Wednesday, April 25, 2012 | 2:06 p.m.
Goynes Elementary School
There was an extra bounce in students’ steps Wednesday morning as they walked — or in some cases, pedaled or scooted their way — to Goynes Elementary School, celebrating Nevada Moves Day and forgoing gas-guzzling modes of transportation.
Bicycles and scooters filled racks, and a nearby park’s grass appeared a bit trampled after hundreds of students arrived en masse and put on their dancing shoes.
The “Cupid Shuffle” blared through speakers as students mimicked the lyrics, moving to the left and to the right, burning extra energy before students in upper grades began standardized Criterion Reference Tests.
“They’re sitting for so long taking those tests,” fifth-grade teacher Marilyn Koppelman said. “It’s a good way to activate their brains.”
For school officials, the event also served as an opportunity to promote traffic safety in addition to physical activity.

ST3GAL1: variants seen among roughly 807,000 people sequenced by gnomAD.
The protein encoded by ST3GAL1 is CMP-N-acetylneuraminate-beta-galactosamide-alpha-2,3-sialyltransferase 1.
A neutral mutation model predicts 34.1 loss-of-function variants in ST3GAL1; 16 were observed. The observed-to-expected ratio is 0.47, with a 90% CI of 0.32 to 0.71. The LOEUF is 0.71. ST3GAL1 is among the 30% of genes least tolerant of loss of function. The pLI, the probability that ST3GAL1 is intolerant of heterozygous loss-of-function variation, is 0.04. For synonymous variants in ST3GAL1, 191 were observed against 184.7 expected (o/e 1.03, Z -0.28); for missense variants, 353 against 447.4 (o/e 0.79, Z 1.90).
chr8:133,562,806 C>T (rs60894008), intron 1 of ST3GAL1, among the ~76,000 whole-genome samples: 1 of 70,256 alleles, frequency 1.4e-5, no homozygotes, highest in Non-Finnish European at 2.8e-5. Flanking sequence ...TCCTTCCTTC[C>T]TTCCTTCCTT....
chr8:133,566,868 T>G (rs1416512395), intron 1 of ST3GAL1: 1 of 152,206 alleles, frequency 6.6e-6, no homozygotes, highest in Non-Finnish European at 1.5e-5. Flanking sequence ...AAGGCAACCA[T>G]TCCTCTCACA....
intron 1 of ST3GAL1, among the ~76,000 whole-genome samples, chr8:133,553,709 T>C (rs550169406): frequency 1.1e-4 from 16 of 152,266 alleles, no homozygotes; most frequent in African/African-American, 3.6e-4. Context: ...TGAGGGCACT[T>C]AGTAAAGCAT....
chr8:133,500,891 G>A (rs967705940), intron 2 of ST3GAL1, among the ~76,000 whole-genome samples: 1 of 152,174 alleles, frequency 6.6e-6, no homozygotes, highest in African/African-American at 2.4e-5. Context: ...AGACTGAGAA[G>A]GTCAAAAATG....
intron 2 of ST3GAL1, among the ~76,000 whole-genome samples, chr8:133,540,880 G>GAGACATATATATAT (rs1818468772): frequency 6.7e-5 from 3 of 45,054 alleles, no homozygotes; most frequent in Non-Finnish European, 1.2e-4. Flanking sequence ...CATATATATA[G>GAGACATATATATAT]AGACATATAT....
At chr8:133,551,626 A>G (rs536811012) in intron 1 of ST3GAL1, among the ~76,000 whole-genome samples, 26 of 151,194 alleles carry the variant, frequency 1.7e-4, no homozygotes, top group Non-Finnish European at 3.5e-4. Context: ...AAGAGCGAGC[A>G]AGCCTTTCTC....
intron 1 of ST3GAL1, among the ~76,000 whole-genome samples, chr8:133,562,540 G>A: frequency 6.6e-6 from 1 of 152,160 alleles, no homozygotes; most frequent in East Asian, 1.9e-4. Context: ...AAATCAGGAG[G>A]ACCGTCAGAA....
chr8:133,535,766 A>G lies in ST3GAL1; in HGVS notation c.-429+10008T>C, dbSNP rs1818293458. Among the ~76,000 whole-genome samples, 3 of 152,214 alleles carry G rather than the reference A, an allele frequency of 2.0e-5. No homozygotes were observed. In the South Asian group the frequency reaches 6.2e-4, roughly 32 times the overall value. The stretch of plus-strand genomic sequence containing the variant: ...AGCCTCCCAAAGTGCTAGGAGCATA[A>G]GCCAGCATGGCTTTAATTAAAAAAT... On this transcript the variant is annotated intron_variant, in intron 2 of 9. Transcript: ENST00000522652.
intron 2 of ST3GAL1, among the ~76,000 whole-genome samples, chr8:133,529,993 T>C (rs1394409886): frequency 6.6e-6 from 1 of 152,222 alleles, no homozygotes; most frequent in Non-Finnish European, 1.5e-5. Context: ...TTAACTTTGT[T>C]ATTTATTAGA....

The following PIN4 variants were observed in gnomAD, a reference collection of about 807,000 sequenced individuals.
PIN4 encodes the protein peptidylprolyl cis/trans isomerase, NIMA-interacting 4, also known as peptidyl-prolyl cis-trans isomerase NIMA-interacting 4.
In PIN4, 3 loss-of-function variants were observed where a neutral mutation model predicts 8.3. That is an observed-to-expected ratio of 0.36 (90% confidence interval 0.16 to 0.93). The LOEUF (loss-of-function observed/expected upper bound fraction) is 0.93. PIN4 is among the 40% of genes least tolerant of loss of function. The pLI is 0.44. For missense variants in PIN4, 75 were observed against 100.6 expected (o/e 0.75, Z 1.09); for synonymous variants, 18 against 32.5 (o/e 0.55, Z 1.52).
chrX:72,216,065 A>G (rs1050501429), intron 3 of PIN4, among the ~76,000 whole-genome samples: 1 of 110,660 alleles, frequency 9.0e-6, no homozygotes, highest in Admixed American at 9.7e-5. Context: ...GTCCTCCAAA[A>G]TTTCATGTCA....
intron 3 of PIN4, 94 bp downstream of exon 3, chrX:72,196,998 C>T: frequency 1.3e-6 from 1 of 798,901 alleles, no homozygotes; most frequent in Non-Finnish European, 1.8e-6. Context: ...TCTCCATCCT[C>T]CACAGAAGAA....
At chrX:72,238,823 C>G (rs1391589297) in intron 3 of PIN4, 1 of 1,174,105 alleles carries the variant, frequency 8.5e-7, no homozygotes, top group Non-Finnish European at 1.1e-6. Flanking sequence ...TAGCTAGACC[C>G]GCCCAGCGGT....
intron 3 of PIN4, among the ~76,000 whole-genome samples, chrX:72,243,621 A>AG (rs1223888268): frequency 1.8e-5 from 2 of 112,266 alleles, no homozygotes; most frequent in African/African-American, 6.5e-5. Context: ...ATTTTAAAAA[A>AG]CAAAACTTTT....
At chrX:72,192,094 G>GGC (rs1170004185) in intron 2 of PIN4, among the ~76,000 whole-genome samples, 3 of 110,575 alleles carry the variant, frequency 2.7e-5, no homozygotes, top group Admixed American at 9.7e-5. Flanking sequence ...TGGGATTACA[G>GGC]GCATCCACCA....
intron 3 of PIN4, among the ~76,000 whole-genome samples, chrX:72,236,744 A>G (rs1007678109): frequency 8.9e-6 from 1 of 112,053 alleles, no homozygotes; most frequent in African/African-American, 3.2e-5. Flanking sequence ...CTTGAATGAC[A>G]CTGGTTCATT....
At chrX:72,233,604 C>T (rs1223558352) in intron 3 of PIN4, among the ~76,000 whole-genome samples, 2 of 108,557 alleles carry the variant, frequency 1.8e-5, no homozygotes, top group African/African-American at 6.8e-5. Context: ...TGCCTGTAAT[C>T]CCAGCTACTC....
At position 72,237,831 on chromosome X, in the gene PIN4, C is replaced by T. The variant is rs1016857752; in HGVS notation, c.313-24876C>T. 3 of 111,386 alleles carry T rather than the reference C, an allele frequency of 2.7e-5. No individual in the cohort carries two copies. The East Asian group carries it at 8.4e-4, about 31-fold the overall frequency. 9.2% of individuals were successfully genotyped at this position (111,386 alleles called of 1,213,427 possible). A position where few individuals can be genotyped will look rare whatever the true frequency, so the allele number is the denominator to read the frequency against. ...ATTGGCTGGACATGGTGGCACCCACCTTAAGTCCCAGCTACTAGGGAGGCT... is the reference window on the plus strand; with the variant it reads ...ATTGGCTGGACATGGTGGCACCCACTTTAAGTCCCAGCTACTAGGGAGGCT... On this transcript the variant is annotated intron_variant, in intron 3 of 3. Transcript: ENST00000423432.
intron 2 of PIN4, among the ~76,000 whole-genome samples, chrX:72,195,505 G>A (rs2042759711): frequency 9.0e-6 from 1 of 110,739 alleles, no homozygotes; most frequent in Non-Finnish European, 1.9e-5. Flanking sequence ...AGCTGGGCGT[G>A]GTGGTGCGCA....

“We believe very strongly that (the way) to learn how to walk and bicycle safely to school is to do it,” said Cheryl Wagner, coordinator for the district’s Safe Routes to School program. “We don’t want to have any children here be hurt.”
Goynes Elementary School sits nestled among residential streets in Aliante, a master-planned community in North Las Vegas dotted with parks and sidewalks.
“This is definitely a walkable school,” Wagner said, referring to its surroundings. “We need to encourage even more walking.”
It’s a message fifth-grader Amari Washington takes to heart. She participates in track and cheerleading programs after school, depending on the time of the year.
“I think it’s important because a lot of kids are getting obese,” she said. “We just need a day of moving.”
Her classmates, Kahea Nihipall and Mason Rupp, said they preferred outdoor activities after school.
“Right after homework, we beg our mom, ‘Can we go outside?’” Nihipall said.
Many parents joined the walking brigade Wednesday morning, including Kim Enriquez who walked briskly to keep up with her active 6-year-old son, Shane.
“I just think we need to keep them away from TV and video games as much as possible,” she said. “He doesn’t even have a (Nintendo) DS.”